Organ, tissue donation helps soothe a deep hurt

dlauderdale@islandpacket.comJanuary 19, 2012 

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This is not an easy subject for Kay Wolf to talk about, but she does because it's important.

In April, Kay and Jim Wolf of Hilton Head Island lost their son in the blink of an eye. Sean Wolf was only 34 when he died of pulmonary embolism. He left behind a wife and two small children in Indianapolis.

On Tuesday, Kay will speak about an unexpected legacy of her son. Sean had chosen to be an organ and tissue donor, which Kay did not know until after his death. Others should hear what she has seen unfold as a result of her son's decision.

She will speak at 5 p.m. in the library at First Presbyterian Church on Hilton Head. Islander Linda Hay also will share her experience as the wife of an organ recipient. And a pastor will discuss the religious aspect of organ donation.

Kay has seen a number of myths about organ donation fall by the wayside.

"There's a misconception that you can't have an open-casket funeral, but you can," she said. "There are misconceptions that you can't give if you are sick or elderly or really young, but you can."

As a former emergency room worker, she says there's no truth to the myth that medical professionals don't work as hard to save the lives of organ donors.

But myth-busting is not the whole story. Kay has been more surprised to find unexpected truths.

Because of the way Sean died, they couldn't use his heart, lungs, kidney or liver -- the things commonly associated with organ transplants.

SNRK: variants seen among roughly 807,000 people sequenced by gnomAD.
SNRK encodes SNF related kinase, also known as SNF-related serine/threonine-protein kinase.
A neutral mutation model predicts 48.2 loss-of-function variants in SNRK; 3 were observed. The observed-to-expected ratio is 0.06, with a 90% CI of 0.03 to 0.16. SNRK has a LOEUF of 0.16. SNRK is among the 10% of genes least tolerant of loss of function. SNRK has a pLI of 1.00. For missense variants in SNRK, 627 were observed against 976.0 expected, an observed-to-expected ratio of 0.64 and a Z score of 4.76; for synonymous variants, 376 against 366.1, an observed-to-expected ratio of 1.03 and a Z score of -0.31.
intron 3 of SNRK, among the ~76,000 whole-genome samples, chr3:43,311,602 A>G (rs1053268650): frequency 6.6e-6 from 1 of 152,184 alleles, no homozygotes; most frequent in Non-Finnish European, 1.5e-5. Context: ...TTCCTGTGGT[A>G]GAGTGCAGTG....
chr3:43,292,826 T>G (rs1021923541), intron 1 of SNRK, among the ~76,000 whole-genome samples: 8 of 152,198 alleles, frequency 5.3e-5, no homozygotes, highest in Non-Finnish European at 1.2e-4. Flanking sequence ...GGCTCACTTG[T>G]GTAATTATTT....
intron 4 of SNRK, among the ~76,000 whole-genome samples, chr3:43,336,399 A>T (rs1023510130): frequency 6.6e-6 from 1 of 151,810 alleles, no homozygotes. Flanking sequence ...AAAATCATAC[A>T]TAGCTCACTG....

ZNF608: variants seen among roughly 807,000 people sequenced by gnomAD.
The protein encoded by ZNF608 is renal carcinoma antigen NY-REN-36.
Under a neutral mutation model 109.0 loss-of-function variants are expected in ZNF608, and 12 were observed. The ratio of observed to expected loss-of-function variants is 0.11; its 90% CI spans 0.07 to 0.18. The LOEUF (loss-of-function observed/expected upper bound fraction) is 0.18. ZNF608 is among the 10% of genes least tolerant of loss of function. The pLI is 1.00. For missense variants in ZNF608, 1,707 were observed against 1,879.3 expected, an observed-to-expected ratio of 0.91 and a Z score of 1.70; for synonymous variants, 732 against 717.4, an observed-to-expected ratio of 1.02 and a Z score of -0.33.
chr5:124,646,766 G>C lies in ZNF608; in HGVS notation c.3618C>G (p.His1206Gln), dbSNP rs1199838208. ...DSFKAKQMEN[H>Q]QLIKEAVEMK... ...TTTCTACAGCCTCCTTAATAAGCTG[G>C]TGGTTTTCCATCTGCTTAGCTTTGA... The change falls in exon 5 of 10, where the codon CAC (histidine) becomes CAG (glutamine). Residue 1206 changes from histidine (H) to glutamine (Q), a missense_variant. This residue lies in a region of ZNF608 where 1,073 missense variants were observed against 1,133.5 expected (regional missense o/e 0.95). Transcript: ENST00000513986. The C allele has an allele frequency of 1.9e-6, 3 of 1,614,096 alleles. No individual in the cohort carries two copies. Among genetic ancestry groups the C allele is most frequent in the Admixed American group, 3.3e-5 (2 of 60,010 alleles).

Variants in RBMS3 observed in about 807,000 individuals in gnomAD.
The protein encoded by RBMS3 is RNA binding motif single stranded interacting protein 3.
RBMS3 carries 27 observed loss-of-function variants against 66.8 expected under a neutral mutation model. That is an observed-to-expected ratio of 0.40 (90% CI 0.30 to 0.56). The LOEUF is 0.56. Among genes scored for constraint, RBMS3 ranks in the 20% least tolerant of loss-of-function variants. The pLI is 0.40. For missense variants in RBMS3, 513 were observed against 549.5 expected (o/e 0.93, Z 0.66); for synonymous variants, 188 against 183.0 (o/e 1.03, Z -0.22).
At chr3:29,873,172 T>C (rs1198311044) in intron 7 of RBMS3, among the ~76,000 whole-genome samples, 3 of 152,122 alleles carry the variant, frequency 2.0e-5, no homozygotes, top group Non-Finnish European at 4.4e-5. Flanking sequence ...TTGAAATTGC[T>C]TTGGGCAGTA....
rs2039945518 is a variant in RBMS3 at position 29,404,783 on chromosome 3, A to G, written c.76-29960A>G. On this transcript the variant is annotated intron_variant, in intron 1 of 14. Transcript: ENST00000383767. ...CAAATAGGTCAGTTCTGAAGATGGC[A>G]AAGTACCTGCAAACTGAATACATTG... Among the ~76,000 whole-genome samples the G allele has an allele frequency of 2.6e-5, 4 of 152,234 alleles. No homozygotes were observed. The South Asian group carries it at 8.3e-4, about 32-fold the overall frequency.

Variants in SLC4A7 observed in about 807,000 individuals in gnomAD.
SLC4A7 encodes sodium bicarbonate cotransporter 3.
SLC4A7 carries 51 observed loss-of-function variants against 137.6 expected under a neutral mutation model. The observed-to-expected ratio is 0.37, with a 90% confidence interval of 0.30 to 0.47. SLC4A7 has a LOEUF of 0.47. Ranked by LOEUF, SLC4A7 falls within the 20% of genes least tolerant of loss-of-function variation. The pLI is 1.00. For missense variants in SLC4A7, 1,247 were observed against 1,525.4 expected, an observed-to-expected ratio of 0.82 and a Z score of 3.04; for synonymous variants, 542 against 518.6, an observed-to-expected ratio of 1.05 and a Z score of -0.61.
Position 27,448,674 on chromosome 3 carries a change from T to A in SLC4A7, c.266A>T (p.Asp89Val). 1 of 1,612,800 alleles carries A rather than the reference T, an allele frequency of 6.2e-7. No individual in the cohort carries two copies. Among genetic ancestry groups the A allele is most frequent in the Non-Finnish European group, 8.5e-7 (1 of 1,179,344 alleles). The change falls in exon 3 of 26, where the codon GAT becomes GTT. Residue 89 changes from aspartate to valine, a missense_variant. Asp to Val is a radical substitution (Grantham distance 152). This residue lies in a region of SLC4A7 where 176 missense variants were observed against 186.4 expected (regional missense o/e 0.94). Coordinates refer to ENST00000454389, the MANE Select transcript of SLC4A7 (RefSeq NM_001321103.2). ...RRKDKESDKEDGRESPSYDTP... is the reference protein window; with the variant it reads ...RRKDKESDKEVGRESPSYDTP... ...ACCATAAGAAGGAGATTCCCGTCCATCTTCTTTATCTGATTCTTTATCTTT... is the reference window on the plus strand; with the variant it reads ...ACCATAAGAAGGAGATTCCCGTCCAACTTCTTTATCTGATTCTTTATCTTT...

Still, his tissue donations have helped 68 people, and that number could eventually climb to 100.

"He was a big guy, but his veins have been used to save tiny babies with heart problems," Kay said. "His skin has helped some badly burned people. His bone marrow has been frozen and will continue to help save lives. It's amazing what they can do. It's simply amazing."

In South Carolina, it's important that organ donors have registered or renewed their registration since January 2009. At that time, the South Carolina Organ and Tissue Donor Registry switched to a "first-person consent registry," meaning the donor, not the survivors, decides on organ and tissue donation. It also put the information into a secure database that the procurement organization accesses to see if someone is registered to be a donor.

To register or update registry information, go to or stop by a Department of Motor Vehicles office.

Kay said she's quite proud of her son.

"You think about why it happened," she said of the hurt that still makes her cry. "You think maybe it's because 68 people will have a better life."

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